We all have something called a dominant self-narrative. It’s a bit like all the voices in your head coming together until one comes out on top. It’s the part of you which holds the beliefs of who you are and who you think you’ll be. I’m a good person. I’m a careful driver. I’m a loving father. One day I’ll have a six-pack (there’s still time…!) This narrative develops alongside our lives, slowly. It’s a bit like a psychological North Star, guiding our actions along a path to the person we want to be.

All this ticks along nicely, until life gets in the way. In the same way that most people think they’re better than average drivers, we don’t expect to become ill. No one dreams of not being able to have children. Cancer happens to other people. We’re not going to get diabetes. Unfortunately, these things happen, and when they do, we have to come to terms with their physical and emotional impact. We also have to, eventually, accept that our dominant self-narrative is out of date.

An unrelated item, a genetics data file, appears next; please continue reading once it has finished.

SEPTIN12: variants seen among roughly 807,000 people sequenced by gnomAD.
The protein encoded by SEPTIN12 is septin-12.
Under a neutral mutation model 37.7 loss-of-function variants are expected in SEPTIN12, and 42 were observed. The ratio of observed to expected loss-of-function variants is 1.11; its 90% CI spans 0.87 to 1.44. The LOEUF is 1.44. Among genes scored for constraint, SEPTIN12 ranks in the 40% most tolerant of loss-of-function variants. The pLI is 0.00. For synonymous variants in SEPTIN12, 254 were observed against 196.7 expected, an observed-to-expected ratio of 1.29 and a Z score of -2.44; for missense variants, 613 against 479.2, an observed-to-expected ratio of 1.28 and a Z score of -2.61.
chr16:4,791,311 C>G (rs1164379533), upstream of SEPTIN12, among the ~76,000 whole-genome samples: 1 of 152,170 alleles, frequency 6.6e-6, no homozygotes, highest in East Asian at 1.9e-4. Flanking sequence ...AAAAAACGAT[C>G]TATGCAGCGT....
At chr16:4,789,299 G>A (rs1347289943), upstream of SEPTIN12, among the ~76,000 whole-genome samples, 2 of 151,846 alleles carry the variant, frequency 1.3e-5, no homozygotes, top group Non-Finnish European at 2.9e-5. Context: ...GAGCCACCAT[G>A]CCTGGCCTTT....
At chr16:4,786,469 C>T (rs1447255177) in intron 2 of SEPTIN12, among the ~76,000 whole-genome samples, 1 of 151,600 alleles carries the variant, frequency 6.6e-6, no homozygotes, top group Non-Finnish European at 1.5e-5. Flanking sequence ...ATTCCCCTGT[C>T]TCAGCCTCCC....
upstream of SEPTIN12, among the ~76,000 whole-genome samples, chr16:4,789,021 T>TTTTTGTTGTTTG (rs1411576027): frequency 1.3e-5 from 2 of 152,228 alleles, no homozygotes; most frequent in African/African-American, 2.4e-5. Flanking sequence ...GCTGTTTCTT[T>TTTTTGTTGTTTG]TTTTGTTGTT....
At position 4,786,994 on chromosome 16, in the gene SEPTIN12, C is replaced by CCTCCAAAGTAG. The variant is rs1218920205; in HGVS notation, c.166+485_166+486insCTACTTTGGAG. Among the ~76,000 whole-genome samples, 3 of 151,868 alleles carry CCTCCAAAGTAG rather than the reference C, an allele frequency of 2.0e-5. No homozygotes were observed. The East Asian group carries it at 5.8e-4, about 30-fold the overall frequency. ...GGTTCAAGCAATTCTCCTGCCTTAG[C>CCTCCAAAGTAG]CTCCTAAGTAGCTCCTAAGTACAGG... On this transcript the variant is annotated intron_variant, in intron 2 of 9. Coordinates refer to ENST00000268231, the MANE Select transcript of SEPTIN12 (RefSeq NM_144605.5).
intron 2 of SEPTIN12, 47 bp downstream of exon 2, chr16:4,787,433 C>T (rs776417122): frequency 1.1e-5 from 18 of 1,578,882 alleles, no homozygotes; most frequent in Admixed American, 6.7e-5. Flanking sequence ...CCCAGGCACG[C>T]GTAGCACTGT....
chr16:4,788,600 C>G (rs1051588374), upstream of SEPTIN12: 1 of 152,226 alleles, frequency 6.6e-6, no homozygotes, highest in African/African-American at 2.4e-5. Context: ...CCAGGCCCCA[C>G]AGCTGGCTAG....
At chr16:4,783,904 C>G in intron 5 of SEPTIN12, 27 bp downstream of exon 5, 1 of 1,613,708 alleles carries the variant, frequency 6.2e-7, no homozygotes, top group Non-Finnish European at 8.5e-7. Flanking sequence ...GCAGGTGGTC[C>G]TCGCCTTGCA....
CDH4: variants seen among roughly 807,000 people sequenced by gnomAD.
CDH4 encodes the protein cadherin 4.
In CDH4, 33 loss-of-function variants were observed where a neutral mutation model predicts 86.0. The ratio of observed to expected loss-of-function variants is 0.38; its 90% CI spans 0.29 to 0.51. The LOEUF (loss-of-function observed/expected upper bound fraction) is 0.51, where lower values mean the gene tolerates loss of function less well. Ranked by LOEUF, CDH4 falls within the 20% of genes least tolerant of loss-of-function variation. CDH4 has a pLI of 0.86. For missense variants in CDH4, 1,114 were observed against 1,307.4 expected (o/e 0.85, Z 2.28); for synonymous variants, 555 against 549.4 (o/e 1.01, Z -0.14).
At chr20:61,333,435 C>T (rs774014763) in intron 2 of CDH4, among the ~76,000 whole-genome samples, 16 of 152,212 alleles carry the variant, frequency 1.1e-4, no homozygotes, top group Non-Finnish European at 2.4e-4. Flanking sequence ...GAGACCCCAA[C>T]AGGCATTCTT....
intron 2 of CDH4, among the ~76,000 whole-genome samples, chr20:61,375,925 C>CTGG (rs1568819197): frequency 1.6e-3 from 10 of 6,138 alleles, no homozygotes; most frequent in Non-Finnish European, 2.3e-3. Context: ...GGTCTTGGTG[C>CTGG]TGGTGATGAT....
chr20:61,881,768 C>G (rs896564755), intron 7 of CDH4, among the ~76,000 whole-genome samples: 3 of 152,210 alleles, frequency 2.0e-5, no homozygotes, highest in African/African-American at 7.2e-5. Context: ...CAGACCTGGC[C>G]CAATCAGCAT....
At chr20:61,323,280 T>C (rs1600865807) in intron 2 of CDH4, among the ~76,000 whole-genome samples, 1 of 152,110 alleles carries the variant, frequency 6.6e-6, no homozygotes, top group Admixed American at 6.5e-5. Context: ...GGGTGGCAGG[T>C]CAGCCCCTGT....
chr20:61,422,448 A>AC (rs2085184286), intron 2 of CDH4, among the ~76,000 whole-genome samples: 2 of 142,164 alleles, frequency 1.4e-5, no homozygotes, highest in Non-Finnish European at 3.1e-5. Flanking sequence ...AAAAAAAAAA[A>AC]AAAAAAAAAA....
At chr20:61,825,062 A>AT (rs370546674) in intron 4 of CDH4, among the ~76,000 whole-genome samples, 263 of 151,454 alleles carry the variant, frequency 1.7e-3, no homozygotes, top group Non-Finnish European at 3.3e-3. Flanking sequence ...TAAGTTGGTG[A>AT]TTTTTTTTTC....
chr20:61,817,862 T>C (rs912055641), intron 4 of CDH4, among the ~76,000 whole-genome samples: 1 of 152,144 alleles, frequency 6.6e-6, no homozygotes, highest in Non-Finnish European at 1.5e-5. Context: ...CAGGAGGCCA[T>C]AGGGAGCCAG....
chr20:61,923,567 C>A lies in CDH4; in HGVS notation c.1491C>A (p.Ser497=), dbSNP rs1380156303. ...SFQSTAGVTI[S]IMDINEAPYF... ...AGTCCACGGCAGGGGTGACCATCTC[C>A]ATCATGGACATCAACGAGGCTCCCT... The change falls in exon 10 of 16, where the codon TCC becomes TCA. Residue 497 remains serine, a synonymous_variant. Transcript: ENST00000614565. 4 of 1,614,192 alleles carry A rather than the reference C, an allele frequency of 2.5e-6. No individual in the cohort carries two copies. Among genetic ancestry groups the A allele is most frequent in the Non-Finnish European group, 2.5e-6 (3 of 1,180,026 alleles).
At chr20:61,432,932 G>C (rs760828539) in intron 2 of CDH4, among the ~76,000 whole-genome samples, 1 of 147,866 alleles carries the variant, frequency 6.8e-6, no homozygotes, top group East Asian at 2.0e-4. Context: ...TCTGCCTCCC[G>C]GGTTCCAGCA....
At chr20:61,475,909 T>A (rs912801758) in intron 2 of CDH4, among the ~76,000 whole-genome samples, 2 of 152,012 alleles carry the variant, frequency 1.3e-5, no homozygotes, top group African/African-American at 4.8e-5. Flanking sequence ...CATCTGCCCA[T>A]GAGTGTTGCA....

Diminishing sympathy

This brings us back to the problem of the second pint. No matter how empathetic you are, it’s natural to have a less intense reaction to a recurring event. This includes feeling sympathy and having time for those who are unwell. We’ve seen it in many illnesses and across many countries. Patients with chronic conditions often feel that those around them don’t really get it. The intense sympathy they feel on diagnosis tends to diminish as time goes by. However, the symptoms don’t.

So we have a situation where patients with chronic illnesses feel the effects in the same way, in an increasingly less compassionate world. There’s a sympathy gap. What do they do? They turn to people like them, people with the same conditions, people who do get it. Forums make physical proximity meaningless, prior relationships irrelevant, cultural barriers insignificant. Rather, the sympathy gap is filled by the understanding and empathy that comes from people with shared experiences. Forums are the connective force that brings these people together.

Formidable forums

By connecting people in the same situation, forums serve three vital purposes: